Swafford et al v. Keen

Filing 11

MEMORANDUM. An order shall enter Signed by District Judge Curtis L Collier on 8/2/10. (JGK, )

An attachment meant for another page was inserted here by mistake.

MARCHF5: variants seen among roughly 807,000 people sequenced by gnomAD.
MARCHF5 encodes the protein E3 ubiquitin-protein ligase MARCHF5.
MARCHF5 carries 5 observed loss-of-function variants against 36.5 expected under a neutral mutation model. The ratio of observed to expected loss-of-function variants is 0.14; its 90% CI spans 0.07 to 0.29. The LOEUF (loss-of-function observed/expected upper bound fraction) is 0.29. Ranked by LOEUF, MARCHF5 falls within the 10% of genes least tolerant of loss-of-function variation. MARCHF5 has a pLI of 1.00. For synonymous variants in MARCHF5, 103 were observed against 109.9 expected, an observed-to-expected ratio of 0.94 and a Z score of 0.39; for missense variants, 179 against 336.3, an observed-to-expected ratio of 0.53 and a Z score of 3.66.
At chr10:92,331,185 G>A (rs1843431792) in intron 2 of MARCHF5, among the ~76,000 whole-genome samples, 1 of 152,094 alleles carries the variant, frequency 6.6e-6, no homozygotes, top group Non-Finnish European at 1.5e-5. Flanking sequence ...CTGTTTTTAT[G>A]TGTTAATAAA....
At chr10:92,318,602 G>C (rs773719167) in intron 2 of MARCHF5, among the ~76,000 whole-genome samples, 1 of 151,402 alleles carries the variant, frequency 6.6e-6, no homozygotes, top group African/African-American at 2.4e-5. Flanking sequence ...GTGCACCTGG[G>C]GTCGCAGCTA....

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Swafford et al v. Keen Doc. 11 UNITED STATES DISTRICT COURT EASTERN DISTRICT OF TENNESSEE at CHATTANOOGA JAMES C. SWAFFORD, and LENA SWAFFORD Plaintiffs, v. GABRIEL E. KEEN, Defendant. ) ) ) ) Case No. 1:10-CV-54 ) ) Chief Judge Curtis L. Collier ) ) ) ) MEMORANDUM Before the Court is a motion to dismiss for lack of subject matter jurisdiction, filed by Defendant Gabriel E. Keen ("Defendant") and supporting memorandum (Court File No. 4, 5). Plaintiffs James C. Swafford and Lena Swafford ("Plaintiffs") responded to the motion to dismiss (Court File No. 9), to which Defendant replied (Court File No. 10). In addition, Plaintiffs filed a motion to amend their complaint (Court File No. 6) and supporting memorandum (Court File No.7). Defendant filed a response in opposition to this motion (Court File No. 8). For the reasons discussed below, the Court will DENY Defendant's motion to dismiss (Court File No. 4) and will GRANT Plaintiffs' motion to amend the complaint (Court File No. 6). In addition, the Court will STRIKE the jury demand. I. RELEVANT FACTS This lawsuit arises out of a boat collision on the Tennessee river. Plaintiffs are seeking Dockets.Justia.com damages from injuries and loss of consortium as a result of the accident. According to the complaint, on or about July 24, 2009, Plaintiff James C. Swafford, was fishing in the Tennessee River. Plaintiff was a passenger on a 20-foot Lowe pontoon boat. At the same time and place, Defendant Gabriel E. Keen was operating a 20-foot Norris Craft bass boat. While under the control and management of Defendant the Norris Craft boat violently collided with the Lowe pontoon boat upon which Plaintiff James Swafford, was a passenger, causing injuries (Court File No. 1). Plaintiffs are residents of Rhea County, Tennessee, and Defendant is believed to be a resident and citizen of Rhea County, Tennessee, as well. II. DISCUSSION Defendant moves to dismiss Plaintiffs' complaint due to lack of subject matter jurisdiction. Plaintiffs' subsequently filed a motion to amend their complaint to plead jurisdiction under federal admiralty law, if the Court did not find jurisdiction as originally pleaded. Defendant contends if Plaintiffs' motion to amend is granted, the demand for a jury trial should be stricken. The Court will address each of these motions in turn. A. Motion to Dismiss Defendant moves to dismiss this suit due to a lack of subject matter jurisdiction (Court File No. 4). The parties dispute the proper interpretation of the "saving to suitors" clause found at 28 U.S.C. 1333(1). Plaintiffs contend no independent basis for jurisdiction is needed for claims on the "law side" of federal court pursuant to the "saving to suitors" clause (Court File No. 9), whereas Defendant argues independent subject matter jurisdiction must exist for the Court to hear maritime claims on the "law side." Although the Judiciary Act of 1789 granted the federal trial courts "original exclusive 2 cognizance of all civil causes of admiralty and maritime jurisdiction," it also reserved to "suitors, in all cases, the right of a common law remedy, where the common law is competent to give it." 14 Wright, Miller & Cooper, Federal Practice and Procedure: Jurisdiction 3672, at 301 (3d ed. 1998). The term "suitors" is synonymous, with "plaintiff." The saving clause applies only to in personam actions. The United States Supreme Court held the "saving" clause gives state courts the ability to adjudicate maritime causes of action in proceedings `in personam,' that is where the defendant is a person, not a ship or some other instrument of navigation." In re Chimenti, 79 F.3d 534 (6th Cir. 1996) (quoting Madruga v. Superior Court of California, 346 U.S. 556, 560-61 (1954)). The "saving to suitors" clause gives an in personam plaintiff "the choice of proceeding in an ordinary civil action, rather than bringing a libel in admiralty." 14 Wright, Miller & Cooper, Federal Practice and Procedure: Jurisdiction 3672, at 301 (3d ed. 1998). A plaintiff has two jurisdictional options: First, the claimant may invoke federal admiralty jurisdiction under the grant of original subject matter jurisdiction over admiralty, maritime, and prize cases set out in Section 1333. Neither diversity of citizenship nor a minimum amount in controversy need be shown under the statute. On the other hand, most plaintiffs have no right to a trial by jury if they invoke the federal court's general admiralty jurisdiction. Second, by virtue of the "saving clause," plaintiff also may sue at law in a state court or in a United States district court. However, to pursue the latter choice, the requirements of diversity of citizenship and jurisdictional amount must be satisfied. In re Chimenti, 79 F.3d 534, 537 (6th Cir. 1996) (quoting 14 Wright, Miller & Cooper, Federal Practice and Procedure: Jurisdiction 3672, at 303-10). Although federal law may govern claims filed on the admiralty side of the Court, this does not create federal question jurisdiction for a plaintiff. The United States Supreme Court held "general maritime law claims do not fall under Congress's grant of federal question 3 jurisdiction in 28 U.S.C. 1331." Romero v. Int'l Terminal Operating Co., 358 U.S. 354 (1959). The "entire purpose of the saving clause was to give claimants pursuing a common-law remedy the ability to choose their forum." In re Chimenti, 79 F.3d at 538. Plaintiffs may bring their action in federal court based on original jurisdiction, which is called the "admiralty side," or their claims may be brought in state or federal courts on the "law side" according to the "saving to suitors" clause. However to bring a claim on the "law side" of federal court, there must exist "an independent basis" of jurisdiction "such as diversity of the parties." In re Chimenti, 79 F.3d 534, 537-38 (6th Cir. 1996). In the present case, Plaintiffs argue maritime claims may be filed on the "law side" even without diversity jurisdiction (Court File No. 9). Plaintiffs assert federal courts have concurrent jurisdiction with state courts over "in personam" maritime claims and therefore they may bring their claim in state or federal court on the "law side" (Court File No. 9). However, this is correct only to the extent there exists an independent basis for the Court's jurisdiction of the claims. In re Chimenti, 79 F.3d 534, at 537. Here, Plaintiffs have not alleged Defendant is domiciled in a state other than Plaintiffs' to establish diversity jurisdiction pursuant to 28 U.S.C. 1332. Further, Plaintiffs' only federal law claims are maritime tort claims, which do not give rise to subject matter jurisdiction under federal question. See Romero, 358 U.S. 354. Based on the established law, the Plaintiff's original complaint does not state proper grounds for this Court's jurisdiction over the claims. B. Motion to Amend Plaintiffs seek to amend their complaint to invoke the Court's original jurisdiction under 4 federal admiralty law (Court File No. 6). Since the Court determined subject matter jurisdiction did not exist based on the original complaint, Defendant opposes the motion. Rule 15 of the Federal Rules of Civil Procedure allows a party to amend a pleading prior to the filing of any required responsive pleading. When a party wishes to amend its pleading after a responsive pleading has been filed, it must seek leave of the Court. Fed. R. Civ. P. 15(a). Normally such leave to amend is freely given. Id. Even though leave is to be freely given, it is still within the discretion of the Court to grant such permission. Thiokol Corp. v. Department of Treasury, State of Michigan, Revenue Div., 987 F.2d 376, 382-83 (6th Cir. 1993). In deciding whether to permit an amendment, the Court considers: Undue delay in filing of notice to the opposing party, bad faith by the moving party, repeated failure to cure deficiencies by previous amendments, undue prejudice to the opposing party, and futility of amendment are all factors which may affect the decision. Delay by itself is not sufficient reason to deny a motion to amend. Notice and substantial prejudice to the opposing party are critical factors in determining whether an amendment should be granted. Brooks v. Celeste, 39 F.3d 125, 130 (6th Cir. 1994) (citations omitted). A motion to amend should be denied if brought in bad faith or for dilatory purposes, if it results in undue delay or prejudice, or if it would be futile. Crawford v. Roane, 53 F.3d 750, 753 (6th Cir. 1995). The Advisory Committee comments to FRCP 9, provide: The choice made by pleader in identifying or failing to identify his claim as admiralty or maritime claim is not an irrevocable election. The Rule provides that the amendment of a pleading to add or withdraw an identifying statement is subject to the principles of Rule 15. Fed. R. Civ. Pro. 9(h) (advisory committee's note 1966). Plaintiffs' proposed amendment does not create prejudice or undue delay, nor does it 5 appear to be done in bad faith. The motion was filed in response to Defendant's motion to dismiss. In addition, the case is still in its initial stages and the proposed amendment does not create further delay. Defendant's only objection to Plaintiffs' amended complaint is the inclusion of the jury demand (Court File No. 10). As Defendant noted in his reply, if the Court finds proper subject matter jurisdiction on the "admiralty side," then Plaintiffs do not have a right to a jury trial (Court File No. 9). Since the Court will grant Plaintiffs' motion to amend the complaint, it will address the Plaintiffs' right to a jury under the amended complaint. When claims which can be characterized as either admiralty or common law claims are raised, a party's right to a jury trial becomes a complex question. Concordia Co., Inc. v. Panek, 115 F.3d 67, 70-71 (1st Cir. 1997). This Court has stated: Generally, there is no right under the United States Constitution to a jury trial in admiralty cases. The Seventh Amendment right to trial by jury for common law claims does not extend to and govern civil actions which are predicated solely upon admiralty jurisdiction pursuant to 28 U.S.C. 1333(1). The Seventh Amendment preserves the right to jury trial as it existed at common law when the United States Constitution was adopted. There was no common law right to jury trial in admiralty cases. This is reflected in Fed. R. Civ. P. 38(e) which provides that the Federal Rules of Civil Procedure shall not be construed to create a right to trial by jury of the issues in an admiralty or maritime claim within the meaning of Rule 9(h). Vanderpool v. Edmondson, No. 1:01-CV-147, 2004 WL 1873720, at *2 (E.D. Tenn. January 5, 2004) (citing Fitzgerald v. United States Lines, Co., 374 U.S. 16, 19 (1963)). The United States Congress has created statutory rights to jury trials for certain admiralty claims. See, e.g., 28 U.S.C. 1873, Great Lakes Act; 46 U.S.C.App. 688, Jones Act; see also Concordia, 115 F.3d 6 at 70; Craig, 19 F.3d at 475-76 (Jones Act). However, no federal statutes applicable to Plaintiffs' claims in the present case create a right to jury trial. Plaintiffs do not have a right under any federal statute to a jury trial on their claims brought pursuant to this Court's admiralty jurisdiction. In the present case, the Court concludes Plaintiffs do not have a constitutional right under the Seventh Amendment to a jury trial on their admiralty claims, which have been brought invoking this Court's jurisdiction under 28 U.S.C. 1333(1). The Court therefore will strike Plaintiffs' jury demand in the amended complaint. IV. CONCLUSION The Court will GRANT Plaintiffs' motion to amend complaint, but will STRIKE the jury demand. Defendant's motion to dismiss will be DENIED. An Order shall enter. /s/ CURTIS L. COLLIER CHIEF UNITED STATES DISTRICT JUDGE 7